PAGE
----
The true foundation of religion according to Schleiermacher (1991:49) lies in experience/intuition and feeling (Anschauung und Gefühl). The experience and feeling are directed towards 'das Universum', which Schleiermacher (1991:49) defines as the totality of all existence and events, the world, nature, humanity and history. This universe is to be experienced, gazed upon and felt in its entirety. By experiencing the universe in this way, the infinite is experienced in the finite, the eternal in the now. This is not a focus on human existence but an attempt by the finite to see the infinite (Schleiermacher 1991:49). It is human nature, according to Schleiermacher to long for (a sense and taste for) the infinite ('Sinn und Geschmack fürs Unendliche' [Schleiermacher 1991:51]). By longing for the infinite, humanity overcomes superstitious forms of religion which are human-made creations (Schleiermacher 1991:51). This longing is expressed in the intuition of the universe (Anschauen des Universums) (Schleiermacher 1991:52). Both intuition and feeling are necessary (Schleiermacher 1991:63).

For Schleiermacher (1991:52), the concept of Anschauen des Universums is the best description of how he understands religion. The constitutive moment religion commences is when the one experiencing that which is experienced is influenced. The one experiencing is acting independently and then comprehends the nature of that which is experienced. But what is experienced and observed is not pure nature, but the experience of its influence. This is an ongoing process of continuously becoming aware of the part of the totality which is experienced (Schleiermacher 1991:53). Only the experience of the influence, the impression made, is of importance and constitutes religion. It is not the experience or feeling that is religion, but the inner experience and becoming one with the universe (Schleiermacher 1991:62). The mystical side of Schleiermacher is revealed when he claimed that authentic religion only occurs when the soul experiences the breath of the eternal in everything (Schleiermacher 1991:62).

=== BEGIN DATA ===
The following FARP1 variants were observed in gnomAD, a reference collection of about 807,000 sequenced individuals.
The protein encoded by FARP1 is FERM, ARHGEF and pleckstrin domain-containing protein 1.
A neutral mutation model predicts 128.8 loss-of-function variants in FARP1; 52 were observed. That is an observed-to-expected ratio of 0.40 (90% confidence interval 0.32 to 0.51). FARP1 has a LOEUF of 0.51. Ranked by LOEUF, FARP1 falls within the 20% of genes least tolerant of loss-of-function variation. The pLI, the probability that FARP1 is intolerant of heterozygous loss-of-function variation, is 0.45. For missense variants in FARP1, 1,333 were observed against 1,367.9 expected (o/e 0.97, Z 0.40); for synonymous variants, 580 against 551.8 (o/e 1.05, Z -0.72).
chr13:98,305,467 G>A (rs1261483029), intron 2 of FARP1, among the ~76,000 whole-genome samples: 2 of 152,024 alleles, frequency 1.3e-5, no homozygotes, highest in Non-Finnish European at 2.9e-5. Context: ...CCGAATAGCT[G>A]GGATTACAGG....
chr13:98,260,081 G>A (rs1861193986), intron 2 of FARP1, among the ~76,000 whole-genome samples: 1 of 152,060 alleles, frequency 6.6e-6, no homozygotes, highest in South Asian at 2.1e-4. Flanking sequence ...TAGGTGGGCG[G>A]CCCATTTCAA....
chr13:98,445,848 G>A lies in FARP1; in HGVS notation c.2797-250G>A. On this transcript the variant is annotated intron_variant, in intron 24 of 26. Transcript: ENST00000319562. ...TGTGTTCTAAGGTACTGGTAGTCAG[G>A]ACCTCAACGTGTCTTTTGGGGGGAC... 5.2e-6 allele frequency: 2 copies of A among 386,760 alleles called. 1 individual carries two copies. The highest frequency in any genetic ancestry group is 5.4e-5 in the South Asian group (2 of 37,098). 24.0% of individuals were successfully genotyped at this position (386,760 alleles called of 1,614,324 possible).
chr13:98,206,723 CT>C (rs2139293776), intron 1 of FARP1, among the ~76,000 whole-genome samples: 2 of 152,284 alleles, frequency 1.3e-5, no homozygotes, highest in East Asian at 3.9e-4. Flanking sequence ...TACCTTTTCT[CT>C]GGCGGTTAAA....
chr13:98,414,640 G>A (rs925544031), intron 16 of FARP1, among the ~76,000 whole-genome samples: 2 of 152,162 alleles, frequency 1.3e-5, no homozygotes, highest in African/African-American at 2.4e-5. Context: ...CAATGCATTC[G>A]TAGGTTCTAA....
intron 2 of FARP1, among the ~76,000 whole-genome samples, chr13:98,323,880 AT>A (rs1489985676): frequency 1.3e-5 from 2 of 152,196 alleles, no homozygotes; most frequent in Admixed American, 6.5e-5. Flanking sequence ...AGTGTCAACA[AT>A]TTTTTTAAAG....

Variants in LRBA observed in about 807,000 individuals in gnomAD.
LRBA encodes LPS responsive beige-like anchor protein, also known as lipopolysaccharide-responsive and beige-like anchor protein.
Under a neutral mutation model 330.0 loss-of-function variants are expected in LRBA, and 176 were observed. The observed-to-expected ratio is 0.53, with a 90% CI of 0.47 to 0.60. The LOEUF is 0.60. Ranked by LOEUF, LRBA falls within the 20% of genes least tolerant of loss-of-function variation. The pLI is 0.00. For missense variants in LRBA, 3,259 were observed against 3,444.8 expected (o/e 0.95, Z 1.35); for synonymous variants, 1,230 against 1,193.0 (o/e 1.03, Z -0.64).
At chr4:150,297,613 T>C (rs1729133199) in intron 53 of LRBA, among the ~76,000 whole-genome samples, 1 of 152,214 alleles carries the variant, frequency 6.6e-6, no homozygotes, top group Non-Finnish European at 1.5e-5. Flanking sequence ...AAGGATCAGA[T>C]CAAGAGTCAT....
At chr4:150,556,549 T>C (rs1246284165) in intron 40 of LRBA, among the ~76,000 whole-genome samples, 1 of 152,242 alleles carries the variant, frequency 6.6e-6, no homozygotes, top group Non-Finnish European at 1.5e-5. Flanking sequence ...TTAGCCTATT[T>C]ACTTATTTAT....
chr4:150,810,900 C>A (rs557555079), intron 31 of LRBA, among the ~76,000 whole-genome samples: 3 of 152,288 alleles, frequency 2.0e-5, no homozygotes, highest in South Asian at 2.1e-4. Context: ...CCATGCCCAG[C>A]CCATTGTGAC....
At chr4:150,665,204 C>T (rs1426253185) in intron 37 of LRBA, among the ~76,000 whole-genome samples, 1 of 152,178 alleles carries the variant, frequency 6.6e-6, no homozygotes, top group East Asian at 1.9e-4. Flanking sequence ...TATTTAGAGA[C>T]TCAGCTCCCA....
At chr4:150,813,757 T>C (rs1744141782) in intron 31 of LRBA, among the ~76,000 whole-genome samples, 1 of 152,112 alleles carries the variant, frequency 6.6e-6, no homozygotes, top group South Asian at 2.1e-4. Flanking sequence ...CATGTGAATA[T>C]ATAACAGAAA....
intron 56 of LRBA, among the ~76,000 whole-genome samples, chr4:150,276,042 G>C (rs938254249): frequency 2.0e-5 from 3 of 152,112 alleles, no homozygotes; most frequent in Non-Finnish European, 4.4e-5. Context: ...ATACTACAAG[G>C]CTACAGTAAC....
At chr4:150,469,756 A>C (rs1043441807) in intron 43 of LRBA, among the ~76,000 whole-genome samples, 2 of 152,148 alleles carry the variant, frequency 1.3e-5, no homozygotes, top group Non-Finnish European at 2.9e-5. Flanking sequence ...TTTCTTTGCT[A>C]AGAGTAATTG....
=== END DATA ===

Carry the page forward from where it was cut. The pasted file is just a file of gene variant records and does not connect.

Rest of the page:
This mystical becoming one with the infinite is described as (Schleiermacher 1991):

[S]owie sie sich formt, die geliebte in immer gesuchte Gestalt, flieht ihr meine Seele entgegen, ich umfange sie nicht wie einen Schatten, sondern wie das heilige Wesen selbst. Ich liege am Busen der unendlichen Welt: ich bin in diesem Augenblick ihre Seele, den ich fühle alle ihre Kräfte und ihr unendliches Leben wie mein eigenes; sie ist in diesem Augenblick mein Leib, den ich durchdringe ihre Muskeln und ihre Glieder wie meine eigenen. (p. 64)

This moment of experiencing the infinite so intensely is what Schleiermacher (1991:65) referred to as 'the moment of birth of all that exist in religion'. Schleiermacher (1991:65) reminded his readers that he cannot show the infinite to them, but he can only make present the intuition and feeling. Without feeling and intuition, the result is no religion, only caricature (Schleiermacher 1991:66).

Rudolf Otto, who edited the original 1991 edition of Schleiermacher's Über die Religion, made a footnote here that this matter is the key to Schleiermacher's idea of experiencing the eternal (Schleiermacher 1991:64). To experience the infinite is not to have an ecstatic experience nor a vision, but rather the inner experience of the infinite in the finite. The infinite is experienced differently in each individual. This reflects an authentic mystic event for the human spirit, namely to experience the eternal, the divine in finite terms. In this way, Otto (in Schleiermacher 1991:64) explained that one becomes one's own prophet, experiences one's own 'miracle' and one's own revelation.

An investigation and attempt at describing and understanding the nature and substance of that which is experienced becomes what Schleiermacher (1991:53) calls, 'empty mythology'. To express the feeling of being grasped by the infinite results in religion, but the moment the origin of deities is depicted, it resorts to mythology (Schleiermacher 1991:54). To discuss the actions of the deity within the world, depicting the relation to the infinite totality is religion, but inquiries as to the essence of the deity might be important to metaphysics, but these endeavours remain mythology (Schleiermacher 1991:54). This experience of the infinite is continuous, unique and valid for each individual, resulting in many religions (Schleiermacher 1991:55).

This is where religions are similar and equal. Each religion starts where there is an authentic connection made with the infinite. The experience of the infinite is the beginning of religion. No religion can claim the final and single experience of the infinite (Schleiermacher 1991:56). Each experience is only participating in a part of the totality; each religion provides a unique facet and authentic perspective although different (Schleiermacher 1991:57).